And on a similar note, I will only be checking my craft and sewing blog reader sporadically -> an interesting blog post on The Simple Dollar about mirror neurons (sorry they are almost always interesting) alerted me to the fact that reading craft blogs actually reduces the amount of sewing I actually do. So true!

So now I am going to say goodbye and finishing sewing a sun hat for the little girl.

Thursday, October 8, 2009

Dummy, pacifier, binky - what ever you call it

I just discovered the American for dummy is binky - love it! I'm researching how to get rid of the baby's, and after a lot of hard searching, I came across this site with a seemingly foolproof method of weaning bubs off their dummy. Some parents are lucky and it's as easy as just taking it away because they aren't that interested or the dinosaur stole it, but I know my little tiger...
What I like about the method is that it promises to be painless as possible and works subtly (if I can avoid giggling that is). Basically you prick a few holes in the top on day 1+2, then start cutting the top off until it's a stub - and hopefully before that stage they lose interest because the suck is gone. The PDF is worth a read - I like the author's tone and also because he references my first-3-month bible (baby bliss/the happiest baby on the block).

Wednesday, October 7, 2009

What do you consider to be rich

How much money does a person have to have before you consider them rich?
- Kelly

There’s no set dollar amount.

For me, a person is rich if they can wake up each morning and do whatever they want to do. It might be some kind of work or it might not, but the person has the freedom to choose between work and play and define entirely for themselves what work is and what play is.

That, to me, is what it means to be rich. It doesn’t mean a huge number of investments or a fleet of expensive cars. It just means freedom.

Best advice ever from The Simple Dollar

Tuesday, October 6, 2009

Cloth napkins - rich or poor?

I always thought cloth napkins were something rather snooty and came out with your best crockery and the silver, so I was surprised to read on my favourite frugalista blog (the simple dollar) a comment that said people thought cloth napkins were cheap. Weird. Anyway, I love mine - especially because they are kind to the environment. They are burgandy and were a wedding present. Cloth napkins are easy to sew.

Scary chemicals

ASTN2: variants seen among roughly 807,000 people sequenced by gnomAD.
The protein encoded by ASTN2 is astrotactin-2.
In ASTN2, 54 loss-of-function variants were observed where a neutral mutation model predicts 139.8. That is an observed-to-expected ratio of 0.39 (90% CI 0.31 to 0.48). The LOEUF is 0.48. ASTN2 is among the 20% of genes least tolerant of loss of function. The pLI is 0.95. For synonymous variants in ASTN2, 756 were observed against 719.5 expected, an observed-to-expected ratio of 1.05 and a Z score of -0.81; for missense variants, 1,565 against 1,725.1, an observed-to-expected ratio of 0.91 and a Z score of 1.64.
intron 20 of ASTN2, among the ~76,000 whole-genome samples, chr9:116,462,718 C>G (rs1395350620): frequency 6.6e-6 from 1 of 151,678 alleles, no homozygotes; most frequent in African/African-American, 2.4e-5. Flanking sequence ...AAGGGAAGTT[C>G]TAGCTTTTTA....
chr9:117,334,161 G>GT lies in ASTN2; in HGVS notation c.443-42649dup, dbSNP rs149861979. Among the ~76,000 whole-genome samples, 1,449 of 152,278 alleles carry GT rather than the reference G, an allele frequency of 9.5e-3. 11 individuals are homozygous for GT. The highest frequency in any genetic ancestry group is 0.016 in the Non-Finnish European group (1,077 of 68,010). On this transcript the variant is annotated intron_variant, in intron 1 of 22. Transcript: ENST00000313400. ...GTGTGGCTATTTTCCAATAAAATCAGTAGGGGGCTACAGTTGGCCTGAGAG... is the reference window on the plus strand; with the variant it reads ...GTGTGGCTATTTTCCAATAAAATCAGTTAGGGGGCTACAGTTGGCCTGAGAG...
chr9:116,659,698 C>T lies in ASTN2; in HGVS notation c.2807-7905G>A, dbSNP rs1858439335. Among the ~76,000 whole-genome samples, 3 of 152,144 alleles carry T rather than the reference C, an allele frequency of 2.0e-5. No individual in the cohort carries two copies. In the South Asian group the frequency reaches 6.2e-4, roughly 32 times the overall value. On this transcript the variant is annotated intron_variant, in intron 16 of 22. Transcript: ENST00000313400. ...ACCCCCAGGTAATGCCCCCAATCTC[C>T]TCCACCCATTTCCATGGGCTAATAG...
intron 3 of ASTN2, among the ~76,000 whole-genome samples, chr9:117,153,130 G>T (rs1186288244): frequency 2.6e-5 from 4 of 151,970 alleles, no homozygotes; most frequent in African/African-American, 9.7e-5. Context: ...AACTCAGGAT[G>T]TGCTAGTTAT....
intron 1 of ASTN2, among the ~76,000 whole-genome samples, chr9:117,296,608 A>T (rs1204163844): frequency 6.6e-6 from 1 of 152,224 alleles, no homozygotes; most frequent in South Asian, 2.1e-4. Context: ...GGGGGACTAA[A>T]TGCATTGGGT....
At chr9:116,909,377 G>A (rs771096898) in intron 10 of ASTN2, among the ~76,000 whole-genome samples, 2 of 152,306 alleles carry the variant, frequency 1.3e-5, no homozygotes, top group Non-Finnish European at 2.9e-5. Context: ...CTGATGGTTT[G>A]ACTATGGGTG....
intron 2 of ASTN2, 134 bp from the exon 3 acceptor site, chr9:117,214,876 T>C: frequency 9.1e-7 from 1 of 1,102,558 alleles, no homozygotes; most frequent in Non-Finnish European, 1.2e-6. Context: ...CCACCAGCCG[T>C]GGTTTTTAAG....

Have you ever taken a look at the ingredients on the back of your sunscreen, perfume, or moisturiser? If not, please do, and prepare to have a shock. Just because you aren't ingesting it doesn't mean it doesn't enter your system and can cause harm. Eeek. I must admit I'm terrified of my Mitchum antiperspirant, but the one I was using in Europe just doesn't cut the mustard here in ZA.

Here are some articles on a blog called the Good Human, which explain about some scary chemicals:
  1. What Is BHT (BUTYLATED HYDROXYTOLUENE) And Why You Should Avoid It.

  2. What Is Propylene Glycol And Why You Should Avoid It.

  3. What Are Methylparabens And Why You Should Avoid Them.

  4. What Is 1,4-Dioxane And Why You Should Avoid It.

Monday, September 28, 2009

aspartamine, for kids??

A comment from bridget b on my last post and this article on bbc health about sensitivitity to aspartame gave me fodder for a small rant - what the hell are we feeding our kids??? How can people think chemicals are better than the real deal (in this case sugar). If someone is gaining weight because they drink too much coke, why not drink less rather than add potentially carcinogenic chemicals to their body (aka coke light/zero/whathaveyou)? Just a thought - take it or leave it. Our latest buzz is full cream rather than low fat (heard the process to get milk products to low fat reduces the goodness), and the difference in fat content is only 1.5% - 3%.

Saturday, September 26, 2009

National Braai day

A great idea of how to spend your heritage day, but yet again I missed it due to illness. Next year, or perhaps all summer long :) The braai (BBQ) is one of the few traditions shared by just about all South Africans ... we love our boerrie (boerewors) roll.
Instead I celebrated Heritage day by going to a Ladysmith Black Mambazo concert at the ICC (actually there were loads of other Southern African bands and one West african desert blues band but they were the highlight). They decorated the stage with meters and meters of African wax prints and skirt panels. Made me want to go shopping the next day for my next major project. Watch this space...

Tuesday, September 22, 2009

Preservatives, a rant,

I've been a fan of reading labels on things I buy from the store for a while (triggered by my convinction that artificial sweeteners gave me migraines) but since my husband is in on the vibe (he's a fan of Michael Pollen, author of In Defense of Food and the Omnivore's Dilemma) it's been open season.

Since we got back to South Africa I have been shocked by how impossible it is to get some foods without additives at Pick 'n Pay. For example, all yoghurts, except Bulgarian a friend told me, have pimaricin, which destroys all the good bacterial cultures that make yoghurts so great. Our cream cheese also had it in, so I have now resorted to buying all our dairy produce at Woolies.

Another thing that shocked me was the fact fruit juices called "Real Juice" seem to resemble a chemistry lesson rather than squashed fruit. Even our beloved Ceres has something called "Nature identical flavourant" - something that is chemically identical to the real deal, but is created in a lab ... no wonder their new Mango juice tastes so good! Pure Joy juice has a label with no suspicious ingredients, but dear hubby said it didn't taste as good - you just can't win against those flavourants.